2. As stated above, the Respondent received fees from Tier 1 totaling approximately $34,344 in respect of his activities described above at paragraph 14 and 15.
  3. The Respondent did not disclose to the Member that he was facilitating the sale of the Syndicated Mortgages to clients.
  4. The Syndicated Mortgages were not investments approved by the Member for sale to its clients by its Approved Persons, including the Respondent.
  5. None of the purchases of the Syndicated Mortgages by clients described above in paragraph 14 were carried on for the account of the Member or through its facilities.
  6. The Respondent failed to disclose to, or obtain approval from, the Member to have any arrangement with Tier 1.
  7. Prior to the completion of the Vaughan Crossings and Memory Care Oakville developments, clients AA, DS and NS stopped receiving distributions.
  8. On October 31, 2016, pursuant to an application on behalf of the Superintendent of Financial Services, a trustee was appointed for the corporations that were previously performing mortgage administration functions on behalf of syndicated mortgage investors in Tier 1 real estate development projects, which included Vaughan Crossings and Memory Care Oakville.
  9. In April 2017, pursuant to a motion brought by the court-appointed receiver, each investor in Vaughan Crossings, including clients AA and DS, were provided with a pro rata interest in a numbered company that purchased the Vaughan Crossings property. The objective of the numbered company is to apply to have the property zoned residential in order to increase market value and then sell the property to recover as much of the investors’ investments as possible. The likelihood of investors, including clients AA and DS, recovering their full investment from the sale of the Vaughan Crossings property is not known to Staff.
  10. On November 14, 2017, pursuant to a motion brought by the court-appointed receiver, the sale of the Memory Care Oakville property was approved.
  11. Client AA commenced a lawsuit against the Respondent and the Member, relating to the Respondent’s role in client AA purchasing the Syndicated Mortgages. The lawsuit is currently ongoing.
  12. Client NS complained to the Member about her investment in the Syndicated Mortgages. The Member paid client NS compensation and her complaint is now.

Pre-Signed Account Forms

  1. At all material times, the Member’s policies and procedures prohibited its Approved Persons from using pre-signed account forms.
  2. Between January 13, 2013 and March 31, 2017, the Respondent obtained and possessed 4 pre-signed account forms in respect of 3 clients.
  3. The pre-signed account forms consisted of a 100% Investment Loan Financial Information Appendix; a B2B T2033 Purchase Instructions form; a Member RRIF Form; and a Limited Trading Authorization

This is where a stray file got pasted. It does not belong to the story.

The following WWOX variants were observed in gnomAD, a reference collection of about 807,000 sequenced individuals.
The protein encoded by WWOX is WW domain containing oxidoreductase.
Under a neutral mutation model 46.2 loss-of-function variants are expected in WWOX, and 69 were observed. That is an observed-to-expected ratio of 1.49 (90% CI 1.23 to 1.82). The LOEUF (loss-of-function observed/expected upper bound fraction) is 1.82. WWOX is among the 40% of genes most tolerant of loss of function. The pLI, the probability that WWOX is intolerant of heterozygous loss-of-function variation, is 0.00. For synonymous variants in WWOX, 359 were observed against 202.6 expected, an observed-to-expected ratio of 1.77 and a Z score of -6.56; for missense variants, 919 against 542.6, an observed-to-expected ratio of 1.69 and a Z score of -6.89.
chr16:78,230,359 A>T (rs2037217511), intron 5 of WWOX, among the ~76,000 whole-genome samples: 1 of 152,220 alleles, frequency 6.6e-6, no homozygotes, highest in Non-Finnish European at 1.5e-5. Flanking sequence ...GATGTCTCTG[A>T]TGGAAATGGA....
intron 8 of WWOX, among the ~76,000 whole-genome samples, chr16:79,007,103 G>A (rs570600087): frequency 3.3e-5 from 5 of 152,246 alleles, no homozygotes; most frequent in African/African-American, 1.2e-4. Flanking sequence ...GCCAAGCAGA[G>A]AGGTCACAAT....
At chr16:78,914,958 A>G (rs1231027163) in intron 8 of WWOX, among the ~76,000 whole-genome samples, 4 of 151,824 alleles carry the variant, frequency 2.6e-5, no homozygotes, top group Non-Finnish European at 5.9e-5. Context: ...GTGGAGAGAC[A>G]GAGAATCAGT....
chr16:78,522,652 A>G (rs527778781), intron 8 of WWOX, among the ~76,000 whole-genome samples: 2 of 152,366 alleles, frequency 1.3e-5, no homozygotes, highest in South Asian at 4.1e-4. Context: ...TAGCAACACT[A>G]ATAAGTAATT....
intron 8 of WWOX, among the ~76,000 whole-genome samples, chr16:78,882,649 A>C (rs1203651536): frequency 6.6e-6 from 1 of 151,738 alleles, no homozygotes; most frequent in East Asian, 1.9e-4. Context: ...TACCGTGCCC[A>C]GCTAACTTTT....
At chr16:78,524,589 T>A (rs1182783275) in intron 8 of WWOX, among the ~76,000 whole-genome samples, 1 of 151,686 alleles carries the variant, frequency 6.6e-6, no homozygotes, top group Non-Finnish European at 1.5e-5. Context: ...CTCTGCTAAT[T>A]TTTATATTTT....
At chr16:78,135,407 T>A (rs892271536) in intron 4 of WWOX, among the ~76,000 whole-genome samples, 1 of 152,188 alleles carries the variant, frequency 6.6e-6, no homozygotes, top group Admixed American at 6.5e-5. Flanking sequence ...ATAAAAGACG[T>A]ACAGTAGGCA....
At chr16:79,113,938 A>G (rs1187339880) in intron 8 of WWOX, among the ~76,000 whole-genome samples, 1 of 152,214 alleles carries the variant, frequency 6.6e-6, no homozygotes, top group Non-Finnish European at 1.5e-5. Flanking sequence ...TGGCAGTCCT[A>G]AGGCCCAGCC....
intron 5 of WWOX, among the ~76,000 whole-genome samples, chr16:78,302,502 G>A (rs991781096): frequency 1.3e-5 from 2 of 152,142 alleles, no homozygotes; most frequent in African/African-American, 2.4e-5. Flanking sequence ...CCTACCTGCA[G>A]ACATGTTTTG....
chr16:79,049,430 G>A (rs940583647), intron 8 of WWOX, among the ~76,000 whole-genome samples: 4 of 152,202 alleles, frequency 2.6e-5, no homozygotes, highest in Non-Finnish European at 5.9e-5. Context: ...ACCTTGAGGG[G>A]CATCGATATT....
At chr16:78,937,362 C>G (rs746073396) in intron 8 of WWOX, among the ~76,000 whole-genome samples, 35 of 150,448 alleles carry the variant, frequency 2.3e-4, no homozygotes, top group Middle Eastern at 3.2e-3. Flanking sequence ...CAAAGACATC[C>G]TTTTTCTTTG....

Additional Factors

  1. The Respondent has not been the subject of previous disciplinary proceedings with the MFDA.
  2. By agreeing to the Agreed Statement of Facts the costs associated with a full hearing on the merits has been avoided.
  3. In November 2017, the Respondent filed for bankruptcy. At that time, the Respondent reported assets of $7,002, and outstanding liabilities of $684,900 including an unsecured debt of $635,000 owed to the Canada Revenue Agency. To date, the Respondent has not been discharged from bankruptcy.
  4. The Respondent has provided evidence to Staff that his sources of income include the Canadian Pension Plan, Old Age Security, the Guaranteed Income Supplement, and trailing commissions he receives on insurance policies.[1] The Respondent has provided evidence to Staff that his annual income for 2018 was approximately $22,000. The Respondent states that his annual income for 2019 will be substantially similar to 2018.
  5. The Respondent claims to be unable to pay any amount towards either a fine or costs.
  6. As stated above in paragraphs 14 and 16, the Respondent received $34,344 in fees in respect of his role in facilitating the sale of the Syndicated Mortgages. There is no evidence that the Respondent received any financial benefit from obtaining the pre-signed or altering the account forms described above beyond the commissions or fees he would ordinarily be entitled to receive had the transactions been carried out in the proper manner.
  7. There is no evidence of client complaints in relation to the pre-signed or altered account forms described above.

III. ADMISSION OF LIABILITY

  1. In Part III of the ASF the Respondent admitted to violating the By-laws, Rules and Policies of the MFDA as alleged in the NOH as follows:
  1. The Respondent has reviewed this Agreed Statement of Facts and admits the facts set out in Part IV herein. The Respondent admits that the facts in Part IV constitute misconduct for which the Respondent may be penalized on the exercise of the discretion of a Hearing Panel pursuant to s. 24.1 of MFDA By-law No. 1.
  1. In Part IV of the ASF the Respondent made the following admissions:
  1. By engaging in the conduct described above, the Respondent admits that he: